SAN DIEGO, January 30, 2018: On January 22, 2018, President Donald Trump signed H.R.3759 into law, demonstrating his recognition for the challenges facing family caregivers. The bill was sponsored by Rep. Harper, Gregg [R-MS-3].
Known as RAISE Family Caregivers Act, this new legislation promises to provide relief for the burdens of family caregiving through a massive national social and governmental engagement effort.
The Secretary of Health and Human Services Agency, in conjunction with leadership within several key Federal Committees, will form an Advisory Council to address the most pressing issues impacting family caregivers today, with the charge of developing a Family Caregiving Strategy for review and consideration within 18 months following the Law’s enactment.
Gathering the RAISE experts
Up to 15 voting members who are not affiliated with Federal agencies will be appointed to the Advisory Council for well-rounded dialogue, within H.R.3759, which includes knowledgeable appointees with expertise in the following areas:
- Family caregivers.
- Older adults with long-term services and supports.
- Individuals with disabilities.
- Long-term services and supports providers.
- Paraprofessional workers.
- State and local officials.
- Accreditation bodies.
- Miscellaneous experts and advocacy organizations who are engaged with family caregivers.
Public input will be actively sought as an important part of the dialogue, bringing personalization and understanding of experiences and issues of the family caregiver.
RAISE offers a holistic approach
RAISE Family Caregivers Act is, therefore, a holistic approach to providing dialogue and expertise from the bottom up, which will help to ensure what this ground-breaking bill intends to accomplish:
“Promoting greater adoption of person-and-family-centered care in all health and long-term services and supports settings, with the person receiving services and supports and the family caregiver (as appropriate) at the center of care teams.”
All aspects of caring for a loved one will be assessed, from financial considerations, patient assessments, service selections, care coordination, education, training, and workplace issues resulting into a more supportive, family-friendly and responsive integration of care.
With approximately 40 million caregivers in America, there is no denying the emotional, physical and financial toll caring for a loved one can take.
According to Next Avenue, nearly 1 in 10 caregivers is 75 or older, with 40 percent of caregivers from all age groups providing high levels of care, with a reported 18 percent reporting a moderate burden of care.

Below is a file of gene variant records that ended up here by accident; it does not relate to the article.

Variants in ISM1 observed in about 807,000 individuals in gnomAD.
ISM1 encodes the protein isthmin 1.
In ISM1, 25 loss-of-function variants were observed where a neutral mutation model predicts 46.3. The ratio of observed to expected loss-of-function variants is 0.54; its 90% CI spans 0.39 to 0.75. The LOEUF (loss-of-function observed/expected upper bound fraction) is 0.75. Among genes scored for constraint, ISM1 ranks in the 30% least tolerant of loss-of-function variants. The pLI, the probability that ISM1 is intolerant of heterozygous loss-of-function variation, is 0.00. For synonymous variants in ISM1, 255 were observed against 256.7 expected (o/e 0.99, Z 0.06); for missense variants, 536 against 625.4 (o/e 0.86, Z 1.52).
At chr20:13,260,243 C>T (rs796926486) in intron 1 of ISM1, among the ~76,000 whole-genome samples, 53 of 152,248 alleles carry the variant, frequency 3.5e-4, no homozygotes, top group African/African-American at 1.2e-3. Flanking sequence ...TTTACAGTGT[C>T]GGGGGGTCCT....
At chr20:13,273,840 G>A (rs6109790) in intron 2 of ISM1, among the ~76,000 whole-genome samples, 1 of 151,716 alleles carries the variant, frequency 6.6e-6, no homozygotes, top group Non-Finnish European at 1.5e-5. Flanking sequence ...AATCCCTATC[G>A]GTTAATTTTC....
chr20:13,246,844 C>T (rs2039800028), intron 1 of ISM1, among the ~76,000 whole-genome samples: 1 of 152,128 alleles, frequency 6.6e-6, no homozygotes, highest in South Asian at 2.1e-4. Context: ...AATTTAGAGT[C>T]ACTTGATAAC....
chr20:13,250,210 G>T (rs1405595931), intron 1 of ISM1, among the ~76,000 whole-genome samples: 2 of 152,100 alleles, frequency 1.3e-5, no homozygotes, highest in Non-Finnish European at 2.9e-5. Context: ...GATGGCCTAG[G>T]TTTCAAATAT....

Though women tend to be the primary family caregiver, approximately 40 percent are male.
The dynamics of being a family caregiver have a significant impact especially for those who lack adequate or available social and other supports. It is not uncommon for a family caregiver to withdraw from employment and/or social engagement activities, becoming progressively more physically and emotionally stressed by the burdens of caring for a loved one as their own lives become unintentionally diminished.
An aging population challenged by fewer family caregivers
It is estimated that “By mid-century, there will be only three family caregivers available for each person requiring care,” according to AARP Public Policy Institute, published in nextavenue.org.
Therefore, as the US population continues becoming older, there will be fewer family caregivers to care for their loved ones, increasing the demand for new and more innovative methods of providing care.
Workforce labor shortages in healthcare already exist which provides current and new opportunities for developing educational programs and quality training to meet what is known to be an ever-increasing demand for ever increasing populations of seniors, disabled, developmentally disabled and Veterans of all ages.
RAISE: Aid for the family caregiver
H.R.3759 brings what it means to a family caregiver to the forefront of the long-term care system to the fore, with immense implications to health care, social services, medical care and labor.
Collectively, all aspects of these immense federal and state systems, combined with non-federal experts and public input, this law promises a greater understanding not only of the family caregiver but of our society as a whole.
With the goal of utilizing existing resources and revenues, it needs to account for the ever-changing demographics and the need for paid caregivers and volunteers to increasingly provide more care to supplement a dwindling supply of family caregivers over time.
Further, there is the opportunity to eliminate wasteful use of health care and medical expenditures, streamlining departments, procedures, services and expenditures.
The utilization of paraprofessional, non-medical home care aides in the home, institutional and other settings will grow in need and numbers.
And the use of technology in the home and other healthcare and medical settings will continue to flourish.
What remains to be seen is how much waste can be reduced within an environment which is already stretched by over demand and dwindling resources and reimbursements.
The RAISE Family Caregiver act is a promising new law, with a cautionary tale by some to consider increased resources and funding for successful models already in existence.
And, to not overvalue the role of a family caregiver from the standpoint of having the capacity to continue along the same caring path, to the same extent currently provided; and, from a place of such devotion that it threatens their very existence.
Until next time, enjoy the ride in good health!